Scholarly article on topic 'From “Compatriots” to “Aliens”: The Changing Coverage of Migration on Russian Television'

From “Compatriots” to “Aliens”: The Changing Coverage of Migration on Russian Television Academic research paper on "Languages and literature"

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Academic research paper on topic "From “Compatriots” to “Aliens”: The Changing Coverage of Migration on Russian Television"

From "Compatriots" to "Aliens": The Changing Coverage of Migration on Russian Television


On April 14, 2013, Russian Deputy Prime Minister Dmitrii Rogozin ordered the sudden inspection of a train travelling to Moscow from Dushanbe, the capital of Tajikistan, whence most of Russia's labor migrants come. This staged inspection discovered drug and weapons smugglers, people suffering from contagious diseases, and other "undesirables." Coverage of the event by Rossiia, a state-owned television channel, included a news presenter calling for the rapid closure of the border with Tajikistan, until "they [citizens of Tajikistan] grow up (poka oni ne podrastut)."' Commenting on Rogozin's inspection on one of Rossiia's talk shows, the controversial politician Vladimir Zhirinovskii demanded the deportation of all migrants from Russia because they "bring crime, illness and reduce the cultural level of our society."2 When Tajikistan's Foreign Ministry protested against what it described as slanderous statements by Russia's officials, it went unreported by the two main federal channels, and failed to provoke any review of reporting practices, even though the ministry commented on the negative role of the media in the affair.3

This article emanates from two research projects: "Nation-building and Nationalism in Today's Russia (NEORUSS)," which is funded by the Norwegian Research Council, project code: 220599; and "Mediating Post-Soviet Difference: An Analysis of Russian Television Representations of Inter-Ethnic Cohesion Issues," which is funded by the UK's Arts and Humanities Research Council, project code: AH/HO18964/1. We would also like to thank Stephen Hutchings, Pal Kolst0, Peter Rutland, Elisabeth Schimpfoessl, Ilya Yablokov, and the Russian Review's editors and anonymous reviewers for their valuable comments and other help.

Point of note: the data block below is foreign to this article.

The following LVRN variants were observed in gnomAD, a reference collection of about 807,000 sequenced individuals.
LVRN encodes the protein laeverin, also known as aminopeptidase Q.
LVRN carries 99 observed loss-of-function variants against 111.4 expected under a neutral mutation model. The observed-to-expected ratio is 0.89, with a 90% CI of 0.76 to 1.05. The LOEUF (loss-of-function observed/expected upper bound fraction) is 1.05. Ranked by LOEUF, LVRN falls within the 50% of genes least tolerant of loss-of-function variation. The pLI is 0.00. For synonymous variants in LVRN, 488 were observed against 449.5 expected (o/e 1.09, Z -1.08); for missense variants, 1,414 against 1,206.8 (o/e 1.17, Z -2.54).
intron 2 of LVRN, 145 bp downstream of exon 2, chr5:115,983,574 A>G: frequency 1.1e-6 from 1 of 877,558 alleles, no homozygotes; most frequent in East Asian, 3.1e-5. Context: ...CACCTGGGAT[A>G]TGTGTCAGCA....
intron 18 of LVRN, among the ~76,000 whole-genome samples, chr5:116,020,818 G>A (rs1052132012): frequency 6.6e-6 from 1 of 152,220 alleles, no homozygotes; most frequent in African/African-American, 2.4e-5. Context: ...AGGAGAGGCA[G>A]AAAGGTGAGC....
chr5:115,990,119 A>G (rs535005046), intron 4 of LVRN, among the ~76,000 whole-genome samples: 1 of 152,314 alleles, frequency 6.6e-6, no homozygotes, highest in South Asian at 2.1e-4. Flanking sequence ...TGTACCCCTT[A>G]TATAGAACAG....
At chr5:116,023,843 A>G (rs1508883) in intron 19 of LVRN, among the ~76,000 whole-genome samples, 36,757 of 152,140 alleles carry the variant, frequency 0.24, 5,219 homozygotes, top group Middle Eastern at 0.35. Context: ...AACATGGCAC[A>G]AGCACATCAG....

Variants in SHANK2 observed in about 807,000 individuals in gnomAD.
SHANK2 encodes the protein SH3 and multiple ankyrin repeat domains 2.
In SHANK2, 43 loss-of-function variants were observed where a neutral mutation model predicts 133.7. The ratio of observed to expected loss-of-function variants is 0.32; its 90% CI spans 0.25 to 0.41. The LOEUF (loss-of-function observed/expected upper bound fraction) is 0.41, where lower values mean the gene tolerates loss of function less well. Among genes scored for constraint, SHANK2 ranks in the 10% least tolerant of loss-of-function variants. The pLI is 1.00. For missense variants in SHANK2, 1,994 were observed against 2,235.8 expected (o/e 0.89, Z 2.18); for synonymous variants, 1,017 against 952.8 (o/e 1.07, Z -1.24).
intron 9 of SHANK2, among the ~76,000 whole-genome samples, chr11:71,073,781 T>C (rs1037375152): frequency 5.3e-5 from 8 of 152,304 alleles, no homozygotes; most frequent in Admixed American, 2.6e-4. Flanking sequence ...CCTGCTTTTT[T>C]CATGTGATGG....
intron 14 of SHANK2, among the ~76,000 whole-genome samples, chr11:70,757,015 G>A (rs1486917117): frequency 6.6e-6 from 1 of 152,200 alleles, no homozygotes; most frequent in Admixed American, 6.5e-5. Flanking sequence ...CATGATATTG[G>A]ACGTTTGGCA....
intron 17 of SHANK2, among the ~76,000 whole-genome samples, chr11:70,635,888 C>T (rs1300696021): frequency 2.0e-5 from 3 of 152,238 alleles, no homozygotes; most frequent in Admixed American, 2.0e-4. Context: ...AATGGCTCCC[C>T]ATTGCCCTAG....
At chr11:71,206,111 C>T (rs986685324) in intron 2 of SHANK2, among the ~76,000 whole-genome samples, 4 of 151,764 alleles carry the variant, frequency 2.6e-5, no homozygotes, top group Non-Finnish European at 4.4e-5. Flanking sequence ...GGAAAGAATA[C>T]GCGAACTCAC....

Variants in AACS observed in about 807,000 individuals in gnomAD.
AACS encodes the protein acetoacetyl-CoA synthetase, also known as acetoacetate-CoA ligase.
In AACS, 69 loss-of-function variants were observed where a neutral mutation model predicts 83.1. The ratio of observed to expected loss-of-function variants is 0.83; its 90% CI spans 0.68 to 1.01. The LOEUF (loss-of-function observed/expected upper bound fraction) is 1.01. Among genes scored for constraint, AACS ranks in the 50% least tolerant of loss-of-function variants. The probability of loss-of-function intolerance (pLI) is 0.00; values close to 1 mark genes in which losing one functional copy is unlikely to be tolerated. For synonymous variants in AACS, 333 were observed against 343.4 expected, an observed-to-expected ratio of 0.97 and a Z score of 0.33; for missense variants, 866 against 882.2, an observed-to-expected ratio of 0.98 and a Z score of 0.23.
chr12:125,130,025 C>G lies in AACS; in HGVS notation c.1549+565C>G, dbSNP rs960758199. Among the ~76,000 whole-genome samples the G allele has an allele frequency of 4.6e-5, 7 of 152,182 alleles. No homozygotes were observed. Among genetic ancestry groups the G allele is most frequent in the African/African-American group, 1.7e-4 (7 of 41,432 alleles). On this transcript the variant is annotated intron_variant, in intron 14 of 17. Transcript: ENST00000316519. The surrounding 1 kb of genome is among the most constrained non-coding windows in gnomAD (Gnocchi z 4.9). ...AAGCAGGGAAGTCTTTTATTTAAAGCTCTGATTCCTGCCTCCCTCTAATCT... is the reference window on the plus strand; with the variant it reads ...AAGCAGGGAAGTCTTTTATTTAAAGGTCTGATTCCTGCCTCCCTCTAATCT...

1Sergei Brilev, "Dmitrii Rogozin: V'ezd v Rossiiu po metrikam ne dopustim,", April 20, 2013, http:/ / Unless otherwise noted, all websites cited in this article were last accessed on January 20, 2014.

2"Poedinok," Rossiia1, April 18, 2013, See also "Spetsial'nyi korrespondent," Rossiia1, April 24, 2013, episode_id/357392/video_id/357392/viewtype/picture.

3See "Tadzhikistan otvetil notoi na predskazanie Zhirinovskogo," April 23, 2013, 04/23/nota/ (accessed 27 April 2014).

The Russian Review 74 (July 2015): 452-77

Copyright 2015 The University of Manchester. Published by Wiley Periodicals Inc. on behalf of The Russian Review. This is an open-access article under the terms of the Creative Commons Attribution License, which permits use, distribution, and production in any medium, provided the original work is properly cited.

Rather than an extreme, isolated example, the coverage of this event was part of a sustained anti-immigration campaign on the two main state-aligned television channels, Channel 1 and Rossiia, which started in May 2012 and lasted for over a year, until a series of ethnic riots across Russia in the summer and the fall of 2013 seemed to have prompted a return to more careful reporting.4 During this campaign, the representation of migration changed drastically in comparison to the preceding period, with the two channels now systematically departing (often radically) from previous interpretations of ethnicity-related issues and from the Kremlin-endorsed view that migration was essential for Russia's economy.